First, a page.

Registry of Opposition to “The National Convention Center” Atop the Old Vilna Jewish Cemetery at Piramónt (Šnipiškės)
Renowned Lithuanian-French thinker Algirdas Julius Greimas (1917-1992) was more forthcoming than most about his dubious, or frankly, criminal behavior as a young man.
From his interviews we know that in 1940, he gave public speeches in support of Soviet annexation of Lithuania. And in 1941, he served as an editor for the newspaper Tėvynė in Šiauliai, which repeatedly called for ethnic cleansing of Jews from Lithuania.
Evolution of Self-Identity in the Intercultural Debate on Whether to Restore Vilnius’s Oldest Jewish Cemetery. My name is Andrius Kulikauskas of Vilnius Gediminas Technical University in Lithuania. I will be speaking about a question important to me, How do things come to matter? and I will relate it to the topic of Lithuanian Jewish heritage: The Evolution of Self-Identity in the Intercultural Debate on Whether to Restore Vilnius’s Oldest Jewish Cemetery. So I am very grateful to the organizers and to our last speaker for having a very much related topic and I’ll be focusing on my own philosophical question but as a citizen of Lithuania I am very glad to be able to think about this very concrete issue. In our case, the cemetery is from the 1500s. As you know, the Grand Duchy of Lithuania had fantastic relations with Jews up until the Holocaust when Lithuania was I think the first place where all of the Jews were killed, in our countryside in 1941 even before the Wansee conference.
On June 23, 2017, the Lithuanian Freedom Fighters Association (Lietuvos laisvės kovotojų sąjunga) organized a commemoration of the June 23, 1941 anti-Soviet uprising with a complete lack of sensitivity for Lithuanian victims of the Holocaust.
The official celebration at the Parliament’s Independence Square included an elaborately choreographed flag raising by the Lithuanian Army’s Honor Guard, music by the Armed Forces Orchestra, a reenactment of the Declaration of Independence with its hopes for a place for Lithuania in Hitler’s New Europe, and a speech by Vytautas Landsbergis, patriarch of modern-day Lithuania.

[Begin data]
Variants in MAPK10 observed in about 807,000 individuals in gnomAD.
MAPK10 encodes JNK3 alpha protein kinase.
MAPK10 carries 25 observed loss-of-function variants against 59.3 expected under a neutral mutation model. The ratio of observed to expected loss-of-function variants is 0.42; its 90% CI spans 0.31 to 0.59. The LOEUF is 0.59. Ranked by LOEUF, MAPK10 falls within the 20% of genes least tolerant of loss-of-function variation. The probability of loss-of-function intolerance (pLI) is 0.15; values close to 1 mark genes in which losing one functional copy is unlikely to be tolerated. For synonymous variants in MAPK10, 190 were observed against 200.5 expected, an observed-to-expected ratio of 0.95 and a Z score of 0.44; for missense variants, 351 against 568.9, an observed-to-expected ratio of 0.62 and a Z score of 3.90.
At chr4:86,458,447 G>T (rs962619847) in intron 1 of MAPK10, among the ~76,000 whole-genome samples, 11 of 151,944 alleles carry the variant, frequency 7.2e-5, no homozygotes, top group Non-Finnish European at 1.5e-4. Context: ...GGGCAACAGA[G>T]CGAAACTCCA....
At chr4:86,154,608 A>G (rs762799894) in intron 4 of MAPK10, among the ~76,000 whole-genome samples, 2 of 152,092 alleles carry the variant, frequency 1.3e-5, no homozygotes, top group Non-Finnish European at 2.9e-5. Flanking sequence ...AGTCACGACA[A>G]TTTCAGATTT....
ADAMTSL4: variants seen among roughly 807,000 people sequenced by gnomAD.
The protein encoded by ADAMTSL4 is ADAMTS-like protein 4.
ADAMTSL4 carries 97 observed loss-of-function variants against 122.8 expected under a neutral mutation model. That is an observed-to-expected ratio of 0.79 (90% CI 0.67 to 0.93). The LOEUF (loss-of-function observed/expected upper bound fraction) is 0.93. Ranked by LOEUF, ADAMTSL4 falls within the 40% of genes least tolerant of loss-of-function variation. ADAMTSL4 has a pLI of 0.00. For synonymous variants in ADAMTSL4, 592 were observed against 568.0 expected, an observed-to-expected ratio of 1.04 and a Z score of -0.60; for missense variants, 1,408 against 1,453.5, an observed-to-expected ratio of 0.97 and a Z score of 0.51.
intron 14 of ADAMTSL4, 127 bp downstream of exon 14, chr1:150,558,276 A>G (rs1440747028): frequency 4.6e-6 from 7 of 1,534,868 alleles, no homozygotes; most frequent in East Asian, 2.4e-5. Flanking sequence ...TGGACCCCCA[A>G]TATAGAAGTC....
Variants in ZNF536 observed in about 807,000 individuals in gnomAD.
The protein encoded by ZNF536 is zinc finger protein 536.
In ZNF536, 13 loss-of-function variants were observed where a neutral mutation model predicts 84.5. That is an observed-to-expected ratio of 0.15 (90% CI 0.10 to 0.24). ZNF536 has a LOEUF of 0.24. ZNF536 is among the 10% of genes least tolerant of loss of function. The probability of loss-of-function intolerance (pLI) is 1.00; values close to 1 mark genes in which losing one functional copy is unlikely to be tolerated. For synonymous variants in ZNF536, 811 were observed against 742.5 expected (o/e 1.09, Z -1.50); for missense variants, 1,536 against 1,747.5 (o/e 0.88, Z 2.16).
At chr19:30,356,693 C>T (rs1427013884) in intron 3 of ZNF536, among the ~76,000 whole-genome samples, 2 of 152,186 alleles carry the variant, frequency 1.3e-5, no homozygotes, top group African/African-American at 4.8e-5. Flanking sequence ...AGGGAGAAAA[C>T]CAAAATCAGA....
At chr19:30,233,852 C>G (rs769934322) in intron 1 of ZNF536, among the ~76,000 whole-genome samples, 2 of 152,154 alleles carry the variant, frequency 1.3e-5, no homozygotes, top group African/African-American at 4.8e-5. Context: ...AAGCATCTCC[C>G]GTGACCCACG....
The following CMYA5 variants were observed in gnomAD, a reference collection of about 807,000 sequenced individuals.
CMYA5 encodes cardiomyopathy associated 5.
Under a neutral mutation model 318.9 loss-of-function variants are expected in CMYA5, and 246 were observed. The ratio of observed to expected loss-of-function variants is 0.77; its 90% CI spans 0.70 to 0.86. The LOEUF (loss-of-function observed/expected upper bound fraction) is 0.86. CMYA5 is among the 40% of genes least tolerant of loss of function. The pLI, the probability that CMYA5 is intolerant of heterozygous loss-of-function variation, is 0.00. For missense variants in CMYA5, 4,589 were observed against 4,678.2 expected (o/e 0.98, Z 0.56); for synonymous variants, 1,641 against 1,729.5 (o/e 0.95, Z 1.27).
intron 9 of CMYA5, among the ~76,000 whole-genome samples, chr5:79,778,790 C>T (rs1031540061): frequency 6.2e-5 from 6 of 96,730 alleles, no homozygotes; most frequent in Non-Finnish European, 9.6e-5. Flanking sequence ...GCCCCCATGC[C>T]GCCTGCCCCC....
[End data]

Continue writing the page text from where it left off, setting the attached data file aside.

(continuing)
More by Andrius Kulikauskas. Articles by Evaldas Balčiūnas; Milan Chersonski; Leonidas Donskis; Nida Vasiliauskaitė. See also:
DH section on The Legacy of 23 June 1941. DH pages on: LAF intentions; painful street names; dry-clean of the week of 23 June 1941.
The Martynas Mažvydas National Library of Lithuania has just celebrated the opening of the Adolfas Damušis Democratic Studies Center on June 15-16, 2017 with a one-sided view of his life. Gintė Damušytė, Lithuania’s ambassador to Denmark, and Mykolas Romeris University in Vilnius founded the Center in 2013 to honor the memory of her father, Adolfas Damušis (1908-2003). He was a chemist and lifelong idealist. As a Catholic youth activist, he was arrested in 1931 by Smetona’s autocratic regime and held at the Varniai concentration camp for half a year. In 1941, he was one of the organizers in Kaunas of the anti-Soviet uprising on June 23, 1941, the leader of the Lithuanian Activist Front’s military staff in Kaunas, and the Minister of Industry in Lithuania’s short-lived Provisional Government. In 1944-1945, he was held by the Gestapo in a prison in Bayreuth, northern Bavaria, for his anti-Nazi activities. In the US, he served as the leader of the Lithuanian Catholic youth organization “Ateitis” (the Future) and many other organizations, and worked as an editor for “Radio Free Europe”.